Alibaba and JD both strengthen their ties with big supermarket operators in China.

China’s online shopping sites are actively expanding into more offline channels.

Alibaba Group Holding Ltd., China’s dominant e-commerce company, and its closest Chinese rival, JD.com Inc., separately reported last week on partnerships with grocery store operators, demonstrating the strong potential to sell more food online in China.

In one deal, Lianhua Supermarket Holdings Co., one of the largest Chinese grocery store chains, announced plans to sell about 18% of its shares to Alibaba Group.

“With the help from Alibaba, we will upgrade and digitize our 3,618 stores to serve the need of consumers from different channels, including store, online and mobile,” a Lianhua Supermarket spokesman said.

Operating a pure e-retail business is already in the past.

Alibaba previously has established strategic partnerships with several large retail chains in China, including consumer electronics retailer Suning Commerce Group, No. 2 in the Internet Retailer China 500, and department store operator Intime Retail (Group) Co. Ltd.

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Jack Ma, chairman, Alibaba

The collaboration between companies that got their start online and offline stores is becoming increasingly common in China. “Operating a pure e-retail business is already in the past,” Jack Ma, the president of Alibaba, said recently at a press conference. “The long-term growth potential comes from the emergence of a new form of retail, which integrates online and offline closely through an advanced logistics network.”

At the same time JD.com is working closely with the world’s largest retailer, Wal-Mart Stores Inc. to sell more Walmart products through JD.com.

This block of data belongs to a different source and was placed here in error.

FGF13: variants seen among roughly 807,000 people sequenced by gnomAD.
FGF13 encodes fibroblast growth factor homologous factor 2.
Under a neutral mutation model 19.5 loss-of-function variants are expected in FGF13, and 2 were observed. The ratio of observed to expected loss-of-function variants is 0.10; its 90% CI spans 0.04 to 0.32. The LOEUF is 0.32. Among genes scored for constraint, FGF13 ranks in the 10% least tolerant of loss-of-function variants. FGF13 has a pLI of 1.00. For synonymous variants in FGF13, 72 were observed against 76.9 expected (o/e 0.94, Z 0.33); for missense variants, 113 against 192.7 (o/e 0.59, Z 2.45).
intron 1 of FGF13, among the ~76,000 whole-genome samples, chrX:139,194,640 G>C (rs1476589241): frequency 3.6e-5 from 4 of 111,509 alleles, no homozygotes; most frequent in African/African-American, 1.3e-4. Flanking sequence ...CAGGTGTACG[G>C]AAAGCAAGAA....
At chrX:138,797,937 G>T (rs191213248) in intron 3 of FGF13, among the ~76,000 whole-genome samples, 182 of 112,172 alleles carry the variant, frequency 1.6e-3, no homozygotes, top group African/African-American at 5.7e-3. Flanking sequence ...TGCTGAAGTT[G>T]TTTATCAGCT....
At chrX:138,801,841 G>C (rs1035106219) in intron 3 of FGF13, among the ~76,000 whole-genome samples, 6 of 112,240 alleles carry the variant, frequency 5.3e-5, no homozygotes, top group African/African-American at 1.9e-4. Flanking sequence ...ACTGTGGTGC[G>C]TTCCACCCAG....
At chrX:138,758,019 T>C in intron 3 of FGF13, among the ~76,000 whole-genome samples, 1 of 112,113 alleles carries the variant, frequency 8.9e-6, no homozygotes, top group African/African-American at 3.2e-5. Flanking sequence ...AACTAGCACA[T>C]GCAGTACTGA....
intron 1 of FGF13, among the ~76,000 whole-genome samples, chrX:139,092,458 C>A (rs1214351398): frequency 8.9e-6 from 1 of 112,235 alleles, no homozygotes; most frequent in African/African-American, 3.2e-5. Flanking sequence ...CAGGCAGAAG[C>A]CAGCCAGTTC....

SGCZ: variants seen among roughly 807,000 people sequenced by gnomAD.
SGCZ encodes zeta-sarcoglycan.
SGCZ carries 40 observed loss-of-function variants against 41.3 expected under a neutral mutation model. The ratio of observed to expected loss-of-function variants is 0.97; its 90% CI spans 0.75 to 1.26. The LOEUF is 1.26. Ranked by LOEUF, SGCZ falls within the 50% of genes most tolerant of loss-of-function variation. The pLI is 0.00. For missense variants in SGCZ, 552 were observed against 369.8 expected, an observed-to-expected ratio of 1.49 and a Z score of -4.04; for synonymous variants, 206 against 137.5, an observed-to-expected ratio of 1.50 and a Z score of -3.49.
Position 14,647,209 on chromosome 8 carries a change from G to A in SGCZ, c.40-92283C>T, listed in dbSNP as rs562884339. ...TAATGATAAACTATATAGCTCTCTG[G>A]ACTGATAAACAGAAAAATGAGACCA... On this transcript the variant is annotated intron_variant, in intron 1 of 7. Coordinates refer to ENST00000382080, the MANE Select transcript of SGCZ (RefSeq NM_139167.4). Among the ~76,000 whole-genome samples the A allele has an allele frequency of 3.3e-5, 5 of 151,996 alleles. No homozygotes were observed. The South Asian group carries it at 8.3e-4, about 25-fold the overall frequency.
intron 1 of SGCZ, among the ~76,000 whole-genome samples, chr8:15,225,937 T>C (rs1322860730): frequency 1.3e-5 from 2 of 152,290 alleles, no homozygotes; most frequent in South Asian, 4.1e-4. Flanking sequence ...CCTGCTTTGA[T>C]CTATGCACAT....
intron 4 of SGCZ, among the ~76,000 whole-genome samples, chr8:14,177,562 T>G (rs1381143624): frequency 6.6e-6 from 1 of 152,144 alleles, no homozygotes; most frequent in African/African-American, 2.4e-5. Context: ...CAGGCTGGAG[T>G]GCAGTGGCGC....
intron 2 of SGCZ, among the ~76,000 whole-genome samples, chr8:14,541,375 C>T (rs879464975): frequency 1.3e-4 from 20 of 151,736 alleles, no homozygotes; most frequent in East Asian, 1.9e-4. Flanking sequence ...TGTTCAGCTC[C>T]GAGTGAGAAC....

Last week, Walmart opened a branded store on JD.com, one of a series of initiatives between the companies since Walmart took an equity stake of about 10% in JD.com last June.

JD.com already was selling products from two Walmart subsidiaries, U.S. warehouse club Sam’s Club and British grocery chain Asda.

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In addition, JD.com’s fresh food delivery service, JD Daojia, uses Walmart stores to fulfill online orders in about an hour, including dairy products, fresh meat and frozen food.

In April 2017, the number of orders Walmart shipped through JD Daojia increased by 30.4% compared with March 2017, and sales increased by 42.5%. About 40% of JD Daojia’s online orders are now fulfilled by Walmart stores, according to Wal-Mart.

JD.com is No. 1 in the Internet Retailer China 500. Alibaba is not ranked in the China 500 because it operates online marketplaces and does not own the merchandise sold on its marketplaces including Taobao and Tmall, which account for the majority of online retail sales in China.

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